Opinion: When Big Brother holds onto the Medal of Honor

Seth Cohen

Seth Cohen

Seth Cohen is a senior magazine journalism major and columnist for the Daily Kent Stater. Contact him at [email protected].

Let’s talk about something a bit unusual in the media spotlight. Last Wednesday, the Supreme Court expressed the utmost respect toward our military. Let me specify a little further. The Supreme Court expressed empathy toward U.S. military decorations, specifically, the Medal of Honor, questioning whether falsely claiming to have received the medal should be a federal offense.

That’s right, if you lie about being awarded the Medal of Honor, you could face probation, community service and my favorite, $5,000 in fines under the 2006 Stolen Valor Act, according to The Wall Street Journal.

It’s interesting, it’s scary and it questions how far is too far when we start dealing with the First Amendment.

A man in California who said he had acquired the Medal of Honor was charged under the act, but a federal appeals court threw out the conviction citing First Amendment protection. Lucky the accused didn’t feel the full effect of this government policing everybody’s speech like Big Brother.

Even Chief Justice John Roberts finds it ridiculous for the nation’s speech to be criminalized by saying “Yeah, I won the Medal of Honor. No big deal.” Granted, he finds it unethical, but finds it too far and unnecessary to follow.

“Well, where does it stop?” Justice Roberts said.

The Chief Justice even suggested the government criminalize lying about receiving a high school diploma. Don’t worry, he was kidding. Absent evidence fraud—using a lie to persuade someone else to act to their detriment—has generally held that lying is protected, Mark Goodman said, professor of journalism and mass communication.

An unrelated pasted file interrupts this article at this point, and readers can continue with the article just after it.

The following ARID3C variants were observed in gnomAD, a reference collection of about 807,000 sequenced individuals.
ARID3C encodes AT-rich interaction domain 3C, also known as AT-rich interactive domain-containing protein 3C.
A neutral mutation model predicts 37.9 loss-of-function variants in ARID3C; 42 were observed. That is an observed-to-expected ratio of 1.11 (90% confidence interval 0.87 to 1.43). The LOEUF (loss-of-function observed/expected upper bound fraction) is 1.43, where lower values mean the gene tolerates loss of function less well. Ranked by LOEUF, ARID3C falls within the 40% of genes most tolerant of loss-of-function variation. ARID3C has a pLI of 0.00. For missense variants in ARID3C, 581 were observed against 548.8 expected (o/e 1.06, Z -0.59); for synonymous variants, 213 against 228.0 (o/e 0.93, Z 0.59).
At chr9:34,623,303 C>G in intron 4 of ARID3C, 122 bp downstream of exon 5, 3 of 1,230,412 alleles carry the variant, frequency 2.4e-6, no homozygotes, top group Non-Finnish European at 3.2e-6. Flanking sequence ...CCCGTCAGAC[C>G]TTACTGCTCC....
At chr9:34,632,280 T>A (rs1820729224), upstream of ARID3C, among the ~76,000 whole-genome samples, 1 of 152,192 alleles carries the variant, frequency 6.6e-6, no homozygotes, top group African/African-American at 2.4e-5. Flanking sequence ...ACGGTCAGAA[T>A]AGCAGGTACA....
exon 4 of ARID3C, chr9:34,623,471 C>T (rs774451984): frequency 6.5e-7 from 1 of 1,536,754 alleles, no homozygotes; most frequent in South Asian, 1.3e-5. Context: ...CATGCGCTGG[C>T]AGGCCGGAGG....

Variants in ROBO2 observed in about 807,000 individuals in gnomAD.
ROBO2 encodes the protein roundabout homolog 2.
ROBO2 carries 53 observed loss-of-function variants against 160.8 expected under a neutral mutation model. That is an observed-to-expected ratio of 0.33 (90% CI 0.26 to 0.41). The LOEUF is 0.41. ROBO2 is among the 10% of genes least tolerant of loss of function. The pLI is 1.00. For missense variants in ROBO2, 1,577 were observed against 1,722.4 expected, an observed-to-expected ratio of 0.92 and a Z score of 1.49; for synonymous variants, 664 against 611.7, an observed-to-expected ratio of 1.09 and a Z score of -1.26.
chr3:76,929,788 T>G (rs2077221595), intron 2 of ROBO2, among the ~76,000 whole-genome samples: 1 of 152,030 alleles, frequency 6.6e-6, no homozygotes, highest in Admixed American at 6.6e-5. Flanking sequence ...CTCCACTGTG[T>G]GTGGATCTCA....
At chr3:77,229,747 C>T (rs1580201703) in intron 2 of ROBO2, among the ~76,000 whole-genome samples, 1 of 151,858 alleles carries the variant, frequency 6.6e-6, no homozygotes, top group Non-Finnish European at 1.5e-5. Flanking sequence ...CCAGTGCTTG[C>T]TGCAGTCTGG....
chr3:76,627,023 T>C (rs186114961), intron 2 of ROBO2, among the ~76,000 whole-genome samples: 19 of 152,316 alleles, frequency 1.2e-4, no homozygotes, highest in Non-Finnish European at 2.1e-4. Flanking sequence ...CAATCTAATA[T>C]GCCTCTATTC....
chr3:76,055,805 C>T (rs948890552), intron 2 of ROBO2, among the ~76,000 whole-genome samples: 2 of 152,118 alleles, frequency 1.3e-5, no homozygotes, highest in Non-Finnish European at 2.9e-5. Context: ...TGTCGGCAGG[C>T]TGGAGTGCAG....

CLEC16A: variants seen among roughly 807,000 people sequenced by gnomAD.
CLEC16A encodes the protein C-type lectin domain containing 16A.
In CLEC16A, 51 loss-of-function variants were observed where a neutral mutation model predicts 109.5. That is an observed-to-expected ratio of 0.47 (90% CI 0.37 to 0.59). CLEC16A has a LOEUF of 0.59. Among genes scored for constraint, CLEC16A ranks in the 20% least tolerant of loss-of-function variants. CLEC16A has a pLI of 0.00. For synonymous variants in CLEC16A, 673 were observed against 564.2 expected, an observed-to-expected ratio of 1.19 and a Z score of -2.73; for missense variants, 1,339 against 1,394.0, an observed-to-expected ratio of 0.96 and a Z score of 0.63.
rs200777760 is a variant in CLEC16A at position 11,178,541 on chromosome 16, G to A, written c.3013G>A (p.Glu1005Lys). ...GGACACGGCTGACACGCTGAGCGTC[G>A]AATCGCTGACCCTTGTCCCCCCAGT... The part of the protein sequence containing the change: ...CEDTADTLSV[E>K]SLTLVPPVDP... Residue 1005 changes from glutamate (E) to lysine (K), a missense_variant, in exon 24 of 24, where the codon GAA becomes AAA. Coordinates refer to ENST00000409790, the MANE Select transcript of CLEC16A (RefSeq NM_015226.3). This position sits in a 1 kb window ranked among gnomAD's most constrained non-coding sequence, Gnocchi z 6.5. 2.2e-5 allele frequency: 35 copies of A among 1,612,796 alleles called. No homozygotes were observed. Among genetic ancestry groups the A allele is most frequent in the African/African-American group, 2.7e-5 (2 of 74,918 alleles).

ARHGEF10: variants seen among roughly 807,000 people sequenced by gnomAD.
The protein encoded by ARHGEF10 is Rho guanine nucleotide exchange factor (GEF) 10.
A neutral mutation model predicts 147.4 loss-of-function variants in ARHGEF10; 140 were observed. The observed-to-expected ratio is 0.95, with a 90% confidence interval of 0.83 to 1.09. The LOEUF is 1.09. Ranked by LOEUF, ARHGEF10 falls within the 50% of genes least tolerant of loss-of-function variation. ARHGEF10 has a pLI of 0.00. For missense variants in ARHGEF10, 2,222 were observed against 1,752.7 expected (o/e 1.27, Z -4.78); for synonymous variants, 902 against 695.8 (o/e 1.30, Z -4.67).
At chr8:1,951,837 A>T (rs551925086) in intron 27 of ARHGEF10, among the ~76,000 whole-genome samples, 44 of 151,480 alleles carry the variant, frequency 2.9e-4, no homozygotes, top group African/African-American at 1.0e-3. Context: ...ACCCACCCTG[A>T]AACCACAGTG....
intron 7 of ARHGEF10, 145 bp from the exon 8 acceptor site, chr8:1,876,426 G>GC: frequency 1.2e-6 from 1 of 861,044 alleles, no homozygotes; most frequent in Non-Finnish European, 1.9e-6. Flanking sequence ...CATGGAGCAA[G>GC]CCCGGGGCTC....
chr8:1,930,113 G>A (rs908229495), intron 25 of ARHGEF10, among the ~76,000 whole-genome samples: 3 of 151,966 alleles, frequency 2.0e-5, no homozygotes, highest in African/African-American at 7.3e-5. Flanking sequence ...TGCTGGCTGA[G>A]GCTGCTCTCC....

It’s an interesting debate, though: If you can lie about receiving one of the highest honors in the military, then clearly, you want to be remembered. This California man did a great job being remembered, only he didn’t expect this. What he did was completely appalling and ludicrous, but for his lie to yield a criminal record is borderline frightening.

Imagine you’re with your friends, going out to eat and having a nice conversation. Average, normal, nothing new, right? Well, picture this; your friend lies to you about getting a job with a corporate company. Uh-oh, this means he could be committing a federal offense about lying to be with a company that has governmental ties, which also means he would have to pay for his crime, should he get caught.

We live in a society that conspired against, or for, the First Amendment. Freedom of Speech has its limits, such as personally threatening someone and/or the oldest example in the book, shouting “fire” in a movie theater. The U.S. military is hard-working, and that will always be the case no matter what people say. But competing military respect, or pretending to hold a medal of honor, is an act that will always be remembered. Now, if you’ll excuse me, I have to go shine my Medal of Honor. It’s getting dusty.